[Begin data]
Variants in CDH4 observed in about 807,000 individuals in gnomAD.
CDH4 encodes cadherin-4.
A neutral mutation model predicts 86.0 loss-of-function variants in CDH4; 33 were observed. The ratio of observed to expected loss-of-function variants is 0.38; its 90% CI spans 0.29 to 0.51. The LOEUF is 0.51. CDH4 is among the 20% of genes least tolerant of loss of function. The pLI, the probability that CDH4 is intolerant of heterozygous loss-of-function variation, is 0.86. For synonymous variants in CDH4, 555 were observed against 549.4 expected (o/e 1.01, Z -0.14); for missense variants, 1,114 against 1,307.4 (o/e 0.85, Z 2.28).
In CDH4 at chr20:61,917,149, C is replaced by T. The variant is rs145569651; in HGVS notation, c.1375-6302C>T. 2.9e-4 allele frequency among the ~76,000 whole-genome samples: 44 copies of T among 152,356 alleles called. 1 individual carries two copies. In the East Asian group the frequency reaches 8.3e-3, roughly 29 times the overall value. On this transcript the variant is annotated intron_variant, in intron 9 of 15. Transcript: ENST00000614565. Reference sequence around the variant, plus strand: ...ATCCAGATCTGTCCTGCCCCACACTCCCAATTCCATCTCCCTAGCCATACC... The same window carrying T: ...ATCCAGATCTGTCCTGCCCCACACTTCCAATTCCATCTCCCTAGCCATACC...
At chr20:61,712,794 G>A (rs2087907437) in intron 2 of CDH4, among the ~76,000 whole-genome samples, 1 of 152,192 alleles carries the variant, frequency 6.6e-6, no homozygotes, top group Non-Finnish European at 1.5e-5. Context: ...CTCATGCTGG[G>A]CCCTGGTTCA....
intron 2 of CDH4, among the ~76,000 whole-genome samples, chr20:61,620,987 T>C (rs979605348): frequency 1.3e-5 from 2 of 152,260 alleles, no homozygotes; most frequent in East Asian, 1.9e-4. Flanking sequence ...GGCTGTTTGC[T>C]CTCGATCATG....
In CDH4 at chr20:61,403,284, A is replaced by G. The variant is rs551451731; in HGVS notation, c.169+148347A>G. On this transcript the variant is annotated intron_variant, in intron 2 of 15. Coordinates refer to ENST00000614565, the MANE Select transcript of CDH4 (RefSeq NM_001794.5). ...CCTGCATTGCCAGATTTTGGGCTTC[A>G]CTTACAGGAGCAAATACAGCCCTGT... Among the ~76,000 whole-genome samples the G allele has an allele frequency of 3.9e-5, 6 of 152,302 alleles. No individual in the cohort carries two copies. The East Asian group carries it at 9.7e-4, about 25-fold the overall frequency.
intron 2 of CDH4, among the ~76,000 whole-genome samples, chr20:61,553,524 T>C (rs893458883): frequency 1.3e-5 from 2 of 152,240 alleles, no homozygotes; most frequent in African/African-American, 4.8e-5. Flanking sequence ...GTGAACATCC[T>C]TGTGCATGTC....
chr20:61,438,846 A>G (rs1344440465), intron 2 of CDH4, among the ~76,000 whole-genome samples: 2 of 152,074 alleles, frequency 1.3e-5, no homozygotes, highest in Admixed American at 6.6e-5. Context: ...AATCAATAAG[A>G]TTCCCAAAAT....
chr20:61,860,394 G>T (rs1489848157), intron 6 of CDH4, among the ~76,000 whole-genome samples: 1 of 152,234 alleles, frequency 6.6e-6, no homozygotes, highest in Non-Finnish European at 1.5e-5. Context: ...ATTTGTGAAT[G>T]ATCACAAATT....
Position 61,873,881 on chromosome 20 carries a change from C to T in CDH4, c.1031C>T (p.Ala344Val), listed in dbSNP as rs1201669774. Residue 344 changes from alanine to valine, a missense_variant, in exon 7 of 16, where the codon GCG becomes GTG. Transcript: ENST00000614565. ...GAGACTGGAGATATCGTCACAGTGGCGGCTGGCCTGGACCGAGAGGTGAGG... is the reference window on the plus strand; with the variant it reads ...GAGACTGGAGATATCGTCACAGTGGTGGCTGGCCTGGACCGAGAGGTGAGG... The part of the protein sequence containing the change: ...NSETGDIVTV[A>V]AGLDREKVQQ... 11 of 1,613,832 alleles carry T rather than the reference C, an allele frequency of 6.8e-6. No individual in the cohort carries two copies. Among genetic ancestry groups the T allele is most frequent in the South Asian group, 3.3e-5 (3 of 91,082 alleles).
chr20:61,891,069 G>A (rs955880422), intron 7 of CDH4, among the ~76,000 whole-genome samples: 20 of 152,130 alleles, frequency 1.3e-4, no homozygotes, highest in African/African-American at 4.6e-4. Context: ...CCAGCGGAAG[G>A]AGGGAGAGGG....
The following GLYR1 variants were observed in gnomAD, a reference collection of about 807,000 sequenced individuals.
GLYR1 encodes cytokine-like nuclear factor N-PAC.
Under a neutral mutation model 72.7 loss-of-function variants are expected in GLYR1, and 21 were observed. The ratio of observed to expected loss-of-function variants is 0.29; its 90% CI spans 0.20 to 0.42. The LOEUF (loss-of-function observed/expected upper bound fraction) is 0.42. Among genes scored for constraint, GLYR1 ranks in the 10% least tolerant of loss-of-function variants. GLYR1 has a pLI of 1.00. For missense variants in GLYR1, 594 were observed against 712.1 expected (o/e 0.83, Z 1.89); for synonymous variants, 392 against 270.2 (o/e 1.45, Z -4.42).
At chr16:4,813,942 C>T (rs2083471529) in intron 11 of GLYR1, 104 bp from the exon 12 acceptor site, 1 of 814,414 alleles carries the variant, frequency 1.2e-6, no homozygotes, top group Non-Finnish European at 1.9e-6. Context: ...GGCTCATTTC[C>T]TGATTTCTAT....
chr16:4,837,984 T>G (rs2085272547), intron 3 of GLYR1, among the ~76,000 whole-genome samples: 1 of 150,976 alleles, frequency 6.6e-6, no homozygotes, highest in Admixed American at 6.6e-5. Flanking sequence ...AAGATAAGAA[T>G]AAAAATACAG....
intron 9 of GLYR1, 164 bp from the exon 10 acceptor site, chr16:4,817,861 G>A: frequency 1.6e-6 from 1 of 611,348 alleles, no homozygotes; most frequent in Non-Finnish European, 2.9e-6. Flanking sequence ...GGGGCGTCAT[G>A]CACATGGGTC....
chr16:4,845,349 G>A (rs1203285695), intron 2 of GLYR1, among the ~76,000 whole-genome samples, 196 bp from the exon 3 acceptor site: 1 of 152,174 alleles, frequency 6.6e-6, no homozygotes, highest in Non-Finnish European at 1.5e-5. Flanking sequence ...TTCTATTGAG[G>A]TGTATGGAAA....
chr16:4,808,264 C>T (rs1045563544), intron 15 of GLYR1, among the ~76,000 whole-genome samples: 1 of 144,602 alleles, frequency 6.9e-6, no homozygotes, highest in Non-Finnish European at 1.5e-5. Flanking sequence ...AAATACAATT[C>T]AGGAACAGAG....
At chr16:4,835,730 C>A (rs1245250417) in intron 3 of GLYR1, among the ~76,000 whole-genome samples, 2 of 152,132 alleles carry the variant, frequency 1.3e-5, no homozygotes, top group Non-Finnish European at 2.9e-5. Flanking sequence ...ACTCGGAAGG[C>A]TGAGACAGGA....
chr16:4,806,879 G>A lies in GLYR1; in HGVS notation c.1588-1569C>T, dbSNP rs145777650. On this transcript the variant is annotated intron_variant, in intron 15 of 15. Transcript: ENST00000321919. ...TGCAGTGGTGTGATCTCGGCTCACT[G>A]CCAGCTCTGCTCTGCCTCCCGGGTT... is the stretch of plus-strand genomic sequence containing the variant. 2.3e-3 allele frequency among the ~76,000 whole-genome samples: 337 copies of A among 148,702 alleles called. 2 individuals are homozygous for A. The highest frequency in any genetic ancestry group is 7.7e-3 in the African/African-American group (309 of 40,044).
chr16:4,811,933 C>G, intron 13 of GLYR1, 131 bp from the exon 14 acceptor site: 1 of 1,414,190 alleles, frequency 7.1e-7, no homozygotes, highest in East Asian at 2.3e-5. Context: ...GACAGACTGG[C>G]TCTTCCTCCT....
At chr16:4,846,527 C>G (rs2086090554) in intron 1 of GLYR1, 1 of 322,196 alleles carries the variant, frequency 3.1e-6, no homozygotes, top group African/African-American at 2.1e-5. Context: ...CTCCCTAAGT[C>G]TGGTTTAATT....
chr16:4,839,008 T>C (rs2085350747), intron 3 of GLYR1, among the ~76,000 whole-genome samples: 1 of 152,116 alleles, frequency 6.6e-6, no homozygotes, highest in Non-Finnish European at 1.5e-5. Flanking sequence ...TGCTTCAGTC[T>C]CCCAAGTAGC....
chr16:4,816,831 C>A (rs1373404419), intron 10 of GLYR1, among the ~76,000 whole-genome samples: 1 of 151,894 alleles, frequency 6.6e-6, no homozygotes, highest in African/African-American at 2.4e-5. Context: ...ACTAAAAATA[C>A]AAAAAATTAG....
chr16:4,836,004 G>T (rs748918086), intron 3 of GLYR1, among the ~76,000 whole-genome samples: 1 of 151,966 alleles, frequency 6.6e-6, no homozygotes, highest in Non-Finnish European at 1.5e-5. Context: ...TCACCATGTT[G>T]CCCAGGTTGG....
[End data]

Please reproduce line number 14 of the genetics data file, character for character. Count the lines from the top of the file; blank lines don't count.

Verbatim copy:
GLYR1 encodes cytokine-like nuclear factor N-PAC.